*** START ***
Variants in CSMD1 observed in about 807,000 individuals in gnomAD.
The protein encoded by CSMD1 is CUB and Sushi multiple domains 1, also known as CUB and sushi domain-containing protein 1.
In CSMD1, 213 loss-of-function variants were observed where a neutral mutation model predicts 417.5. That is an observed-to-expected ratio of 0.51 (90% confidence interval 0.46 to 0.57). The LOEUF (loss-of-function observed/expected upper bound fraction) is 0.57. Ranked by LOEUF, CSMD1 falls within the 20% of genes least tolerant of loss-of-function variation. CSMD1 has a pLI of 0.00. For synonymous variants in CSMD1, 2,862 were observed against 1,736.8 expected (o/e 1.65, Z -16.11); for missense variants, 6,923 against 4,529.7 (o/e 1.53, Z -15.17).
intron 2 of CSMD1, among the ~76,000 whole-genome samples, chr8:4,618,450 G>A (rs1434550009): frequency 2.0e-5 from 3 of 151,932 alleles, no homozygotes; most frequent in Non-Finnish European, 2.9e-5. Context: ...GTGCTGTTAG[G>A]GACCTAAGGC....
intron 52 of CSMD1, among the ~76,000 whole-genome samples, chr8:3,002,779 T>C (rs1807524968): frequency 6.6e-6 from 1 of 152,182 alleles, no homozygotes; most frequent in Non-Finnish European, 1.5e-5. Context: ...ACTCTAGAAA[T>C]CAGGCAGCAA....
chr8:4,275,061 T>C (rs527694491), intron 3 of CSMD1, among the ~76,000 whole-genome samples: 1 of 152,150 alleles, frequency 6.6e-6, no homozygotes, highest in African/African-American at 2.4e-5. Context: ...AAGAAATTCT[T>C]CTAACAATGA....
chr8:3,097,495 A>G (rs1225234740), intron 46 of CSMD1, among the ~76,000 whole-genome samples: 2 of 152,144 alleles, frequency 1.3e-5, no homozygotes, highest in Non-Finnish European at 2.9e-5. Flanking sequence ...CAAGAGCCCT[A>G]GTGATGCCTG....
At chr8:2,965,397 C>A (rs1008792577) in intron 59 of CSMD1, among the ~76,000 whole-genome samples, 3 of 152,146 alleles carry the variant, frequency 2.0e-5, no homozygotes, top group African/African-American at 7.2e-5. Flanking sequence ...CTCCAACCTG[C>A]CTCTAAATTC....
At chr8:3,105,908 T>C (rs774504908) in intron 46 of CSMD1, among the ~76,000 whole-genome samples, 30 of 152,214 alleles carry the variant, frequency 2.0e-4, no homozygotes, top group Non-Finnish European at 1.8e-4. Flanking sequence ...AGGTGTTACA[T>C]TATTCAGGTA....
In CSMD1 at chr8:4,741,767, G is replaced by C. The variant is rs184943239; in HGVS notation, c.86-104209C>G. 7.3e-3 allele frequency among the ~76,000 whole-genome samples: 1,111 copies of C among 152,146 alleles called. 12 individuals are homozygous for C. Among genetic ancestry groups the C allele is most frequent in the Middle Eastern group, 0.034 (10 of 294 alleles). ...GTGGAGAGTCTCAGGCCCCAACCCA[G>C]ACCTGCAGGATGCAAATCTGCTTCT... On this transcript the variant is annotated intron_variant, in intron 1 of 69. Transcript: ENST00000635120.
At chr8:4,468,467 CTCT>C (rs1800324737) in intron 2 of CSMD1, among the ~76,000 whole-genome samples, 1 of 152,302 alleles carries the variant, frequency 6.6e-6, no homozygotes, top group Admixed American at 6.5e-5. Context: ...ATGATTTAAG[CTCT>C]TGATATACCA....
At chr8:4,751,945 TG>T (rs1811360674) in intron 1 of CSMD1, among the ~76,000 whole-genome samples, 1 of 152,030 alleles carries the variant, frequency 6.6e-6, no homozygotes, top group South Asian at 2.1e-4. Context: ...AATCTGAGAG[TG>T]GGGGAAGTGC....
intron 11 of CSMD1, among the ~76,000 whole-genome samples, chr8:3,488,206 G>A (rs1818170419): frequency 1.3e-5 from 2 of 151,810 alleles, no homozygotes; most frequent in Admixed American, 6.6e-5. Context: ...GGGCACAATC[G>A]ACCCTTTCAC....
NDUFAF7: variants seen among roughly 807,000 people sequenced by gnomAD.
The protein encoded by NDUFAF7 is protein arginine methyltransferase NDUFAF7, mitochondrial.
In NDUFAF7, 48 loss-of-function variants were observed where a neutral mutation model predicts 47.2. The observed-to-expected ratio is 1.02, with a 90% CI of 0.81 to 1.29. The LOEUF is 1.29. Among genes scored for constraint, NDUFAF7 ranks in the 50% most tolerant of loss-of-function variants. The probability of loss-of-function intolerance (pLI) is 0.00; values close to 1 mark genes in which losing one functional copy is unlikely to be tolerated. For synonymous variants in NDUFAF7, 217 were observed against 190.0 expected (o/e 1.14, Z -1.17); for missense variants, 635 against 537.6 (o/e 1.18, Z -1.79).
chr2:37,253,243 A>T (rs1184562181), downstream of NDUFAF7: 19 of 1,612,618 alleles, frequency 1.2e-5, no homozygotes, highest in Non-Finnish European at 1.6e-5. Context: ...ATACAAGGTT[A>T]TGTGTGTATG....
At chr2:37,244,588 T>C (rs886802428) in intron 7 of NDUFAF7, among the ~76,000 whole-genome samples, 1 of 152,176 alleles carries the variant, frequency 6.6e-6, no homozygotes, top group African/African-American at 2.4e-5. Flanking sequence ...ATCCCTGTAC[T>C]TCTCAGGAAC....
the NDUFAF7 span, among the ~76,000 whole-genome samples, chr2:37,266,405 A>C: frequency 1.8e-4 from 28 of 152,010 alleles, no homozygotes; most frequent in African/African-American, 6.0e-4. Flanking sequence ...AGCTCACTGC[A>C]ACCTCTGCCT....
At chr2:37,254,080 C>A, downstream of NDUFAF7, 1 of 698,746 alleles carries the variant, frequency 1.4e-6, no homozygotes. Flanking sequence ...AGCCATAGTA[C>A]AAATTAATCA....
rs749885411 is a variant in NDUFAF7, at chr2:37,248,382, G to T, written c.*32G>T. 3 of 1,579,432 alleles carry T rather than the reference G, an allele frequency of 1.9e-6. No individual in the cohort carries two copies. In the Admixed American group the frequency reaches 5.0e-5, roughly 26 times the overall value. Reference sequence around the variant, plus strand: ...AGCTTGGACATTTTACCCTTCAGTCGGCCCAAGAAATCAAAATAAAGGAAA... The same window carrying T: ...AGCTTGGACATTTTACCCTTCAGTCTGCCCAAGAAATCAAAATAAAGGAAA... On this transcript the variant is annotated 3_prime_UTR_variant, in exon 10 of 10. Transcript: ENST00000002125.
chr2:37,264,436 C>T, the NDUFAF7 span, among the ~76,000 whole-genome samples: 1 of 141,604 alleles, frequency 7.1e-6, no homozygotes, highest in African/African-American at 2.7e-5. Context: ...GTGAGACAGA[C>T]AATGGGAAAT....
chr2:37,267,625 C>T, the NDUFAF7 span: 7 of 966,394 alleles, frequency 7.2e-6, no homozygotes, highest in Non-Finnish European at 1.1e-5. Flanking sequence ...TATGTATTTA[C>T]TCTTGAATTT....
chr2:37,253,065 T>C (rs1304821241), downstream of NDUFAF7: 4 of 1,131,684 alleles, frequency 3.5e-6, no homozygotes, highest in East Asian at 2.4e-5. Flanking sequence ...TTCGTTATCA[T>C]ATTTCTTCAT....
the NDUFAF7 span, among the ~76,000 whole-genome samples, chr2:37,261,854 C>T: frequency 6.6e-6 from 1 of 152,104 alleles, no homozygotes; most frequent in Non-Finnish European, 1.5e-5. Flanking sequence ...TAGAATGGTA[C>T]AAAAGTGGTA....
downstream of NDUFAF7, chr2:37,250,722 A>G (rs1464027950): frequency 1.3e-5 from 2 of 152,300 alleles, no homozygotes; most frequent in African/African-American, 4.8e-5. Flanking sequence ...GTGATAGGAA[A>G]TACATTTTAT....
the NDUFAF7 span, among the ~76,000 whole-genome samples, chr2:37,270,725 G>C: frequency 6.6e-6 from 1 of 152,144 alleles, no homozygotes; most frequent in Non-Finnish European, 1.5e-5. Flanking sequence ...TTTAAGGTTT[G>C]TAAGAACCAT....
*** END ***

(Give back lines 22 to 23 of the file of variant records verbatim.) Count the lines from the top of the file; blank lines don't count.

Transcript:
chr2:37,264,436 C>T, the NDUFAF7 span, among the ~76,000 whole-genome samples: 1 of 141,604 alleles, frequency 7.1e-6, no homozygotes, highest in African/African-American at 2.7e-5. Context: ...GTGAGACAGA[C>T]AATGGGAAAT....
chr2:37,267,625 C>T, the NDUFAF7 span: 7 of 966,394 alleles, frequency 7.2e-6, no homozygotes, highest in Non-Finnish European at 1.1e-5. Flanking sequence ...TATGTATTTA[C>T]TCTTGAATTT....